But he has also evolved his game in the loose, where there are more deft offloads and often Etzebeth is on hand to snaffle one of the Boks’ aerial bombs, while his lineout work remains impeccable. If there was a better lock in world rugby in 2021, we must have missed him. It certainly isn’t the very good Itoje.

Diplomatic stance

Bok forward’s coach Deon Davids happened to be on media duty an hour after the nominations were made public, and while he was diplomatic, he was unequivocal about whom he would choose between Etzebeth and Itoje.

“From the outset, I need to state that I have massive respect for both players and their abilities,” Davids said. “But it’s an easy question for me to answer. It would be Eben.

“Firstly, I’d go to war with Eben because he’s a fellow countryman. He’s been in outstanding form this year. What’s been special is how well he fulfils his fundamental duties. Most importantly, he brings an attitude to the jersey and physicality that’s the hallmark of so many great Springbok forwards.

“He’s such a brilliant ambassador for this team. He puts his body on the line for his country week-in and week-out. I believe what we must do is respect the process.

“The committee that decides (on the nominees) know what they are looking for and have made their decisions according to that. So congratulations to those players and coaches that are in the running. We wish them the best of luck.”

It’s the first time since 2004 that New Zealand have not had a nominee, which is quite staggering for a side that won the Rugby Championship, retained the Bledisloe Cup and have swapped the No 1 ranking with the Boks throughout the season.

The likes of Jordie Barrett, Richie Mo’unga, Rieko Ioane and Ardie Savea have all been outstanding, as has wing Will Jordan, who is nominated as a Breakthrough Player of the Year.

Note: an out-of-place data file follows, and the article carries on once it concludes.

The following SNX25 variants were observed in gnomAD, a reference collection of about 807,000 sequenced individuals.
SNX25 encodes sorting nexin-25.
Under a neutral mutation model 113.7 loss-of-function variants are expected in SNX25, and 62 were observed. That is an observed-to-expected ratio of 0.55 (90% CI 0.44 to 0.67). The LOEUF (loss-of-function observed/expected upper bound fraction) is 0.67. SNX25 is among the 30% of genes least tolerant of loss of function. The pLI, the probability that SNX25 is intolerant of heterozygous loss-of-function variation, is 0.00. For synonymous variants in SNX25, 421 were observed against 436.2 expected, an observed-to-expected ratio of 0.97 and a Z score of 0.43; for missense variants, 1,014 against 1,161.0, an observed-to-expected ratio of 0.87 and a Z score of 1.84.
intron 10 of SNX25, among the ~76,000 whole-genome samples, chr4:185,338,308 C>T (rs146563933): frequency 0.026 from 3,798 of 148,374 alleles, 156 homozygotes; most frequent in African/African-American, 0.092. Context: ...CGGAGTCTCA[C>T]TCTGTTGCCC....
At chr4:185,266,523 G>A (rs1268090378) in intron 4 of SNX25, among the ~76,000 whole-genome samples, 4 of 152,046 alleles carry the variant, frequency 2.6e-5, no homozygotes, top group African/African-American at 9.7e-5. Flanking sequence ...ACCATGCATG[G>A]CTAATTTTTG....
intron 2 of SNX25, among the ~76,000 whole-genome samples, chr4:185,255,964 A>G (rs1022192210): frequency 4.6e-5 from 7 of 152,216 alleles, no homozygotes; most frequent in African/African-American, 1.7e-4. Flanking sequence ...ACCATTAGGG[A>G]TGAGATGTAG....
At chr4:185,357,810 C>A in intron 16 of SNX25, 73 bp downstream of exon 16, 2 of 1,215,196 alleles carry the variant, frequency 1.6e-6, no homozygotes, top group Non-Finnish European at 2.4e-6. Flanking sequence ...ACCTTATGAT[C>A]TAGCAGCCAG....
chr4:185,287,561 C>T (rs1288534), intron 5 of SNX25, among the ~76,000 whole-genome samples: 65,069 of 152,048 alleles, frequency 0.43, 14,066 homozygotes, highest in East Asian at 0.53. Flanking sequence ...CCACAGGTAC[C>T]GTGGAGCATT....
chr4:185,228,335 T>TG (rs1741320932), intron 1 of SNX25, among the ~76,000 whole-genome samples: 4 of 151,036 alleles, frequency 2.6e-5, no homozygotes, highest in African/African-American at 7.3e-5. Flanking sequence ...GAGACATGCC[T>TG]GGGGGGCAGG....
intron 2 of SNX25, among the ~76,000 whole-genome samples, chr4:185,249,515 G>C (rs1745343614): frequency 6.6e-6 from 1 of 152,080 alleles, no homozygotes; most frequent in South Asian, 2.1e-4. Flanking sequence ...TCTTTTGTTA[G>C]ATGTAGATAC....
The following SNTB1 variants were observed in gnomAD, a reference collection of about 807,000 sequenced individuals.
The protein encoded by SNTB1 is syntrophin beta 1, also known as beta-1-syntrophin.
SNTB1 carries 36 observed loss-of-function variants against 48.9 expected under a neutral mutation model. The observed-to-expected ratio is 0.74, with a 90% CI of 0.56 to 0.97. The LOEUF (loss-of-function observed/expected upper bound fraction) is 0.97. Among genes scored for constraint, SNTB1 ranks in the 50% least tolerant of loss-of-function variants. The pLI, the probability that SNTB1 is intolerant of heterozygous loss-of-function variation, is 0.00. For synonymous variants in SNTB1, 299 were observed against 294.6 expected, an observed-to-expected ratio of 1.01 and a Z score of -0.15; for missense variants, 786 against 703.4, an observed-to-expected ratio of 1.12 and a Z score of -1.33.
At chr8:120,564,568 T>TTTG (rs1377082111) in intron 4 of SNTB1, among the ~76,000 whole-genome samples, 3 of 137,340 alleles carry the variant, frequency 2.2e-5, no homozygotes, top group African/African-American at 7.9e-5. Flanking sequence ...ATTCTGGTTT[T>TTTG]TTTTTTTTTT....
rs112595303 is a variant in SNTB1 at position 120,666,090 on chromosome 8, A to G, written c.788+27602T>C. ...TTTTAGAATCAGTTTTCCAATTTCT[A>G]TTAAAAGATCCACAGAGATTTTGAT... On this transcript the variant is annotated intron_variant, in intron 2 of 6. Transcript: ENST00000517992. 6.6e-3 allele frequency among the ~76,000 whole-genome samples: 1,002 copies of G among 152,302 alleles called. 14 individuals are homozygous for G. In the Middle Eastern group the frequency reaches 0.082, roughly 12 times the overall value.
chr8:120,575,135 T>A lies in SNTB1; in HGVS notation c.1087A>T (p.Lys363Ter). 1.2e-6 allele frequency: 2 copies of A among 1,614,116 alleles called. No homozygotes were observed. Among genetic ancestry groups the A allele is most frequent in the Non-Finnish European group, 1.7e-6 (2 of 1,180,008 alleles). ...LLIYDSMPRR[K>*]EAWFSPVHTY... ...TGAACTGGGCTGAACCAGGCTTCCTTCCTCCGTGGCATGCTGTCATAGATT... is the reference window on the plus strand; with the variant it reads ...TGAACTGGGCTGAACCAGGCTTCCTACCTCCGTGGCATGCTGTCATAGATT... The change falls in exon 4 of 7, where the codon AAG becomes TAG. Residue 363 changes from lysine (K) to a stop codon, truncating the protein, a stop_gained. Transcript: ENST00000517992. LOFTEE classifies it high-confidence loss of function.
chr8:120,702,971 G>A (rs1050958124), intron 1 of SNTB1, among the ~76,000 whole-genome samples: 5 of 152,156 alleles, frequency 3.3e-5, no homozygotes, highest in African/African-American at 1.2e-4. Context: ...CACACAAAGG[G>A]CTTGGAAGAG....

All Blacks coach Ian Foster has been nominated in the World Rugby Coach of the Year category, but despite the Boks’ No 1 ranking and success this season, Jacques Nienaber was not deemed good enough for a nomination.

Apparently, the world’s No 1 ranked team, who won a Lions series — widely regarded as a pinnacle alongside winning a World Cup — do not have a top-class coach. The Boks won that series after playing one Test in 20 months, which was probably the biggest rugby coaching achievement in recent history.

Awards are subjective and every year there are players and coaches that are unlucky to miss out. This time though, it feels like the snubs were just a little more personal.

Could it be that after a leaked video of SA director of rugby Rassie Erasmus dissecting 26 refereeing mistakes after the first Lions Test found its way into the public domain, the Boks are tainted goods?

That incident embarrassed World Rugby and Erasmus and Saru were charged under the disciplinary code. Hearings took place over a week in late October into early November and the findings are still being deliberated.

Regardless, the Boks are not making a fuss. This current crop has always been about collective strength and not individual glory. Every single one of them would give up a personal gong and rather finish the year as part of the top-ranked team in the world. DM

Selected nomination categories

World Rugby Men’s XVs Player of the Year

Antoine Dupont (France)

Michael Hooper (Australia)

Maro Itoje (England/British and Irish Lions)

Samu Kerevi (Australia)

World Rugby Women’s XVs Player of the Year

Zoe Aldcroft (England)

Caroline Boujard (France)

Laure Sansus (France)

Poppy Cleall (England)

World Rugby Breakthrough Player of the Year

Will Jordan (New Zealand)

Andrew Kellaway (Australia)

Louis Rees-Zammit (Wales)

Marcus Smith (England)

World Rugby Coach of the Year

Allan Bunting/Cory Sweeney (New Zealand Women’s Sevens)

Ian Foster (New Zealand Men)

Simon Middleton (England Women)

Dave Rennie (Australia Men)

International Rugby Players Men’s Try of the Year (fan vote)

Lukhanyo Am (South Africa, v British and Irish Lions on 31 July)

Pierre-Louis Barassi (France, v Australia on 17 July)

Luke Jacobson (New Zealand, v Argentina on 12 September)

Damian Penaud (France, v Scotland on 26 March)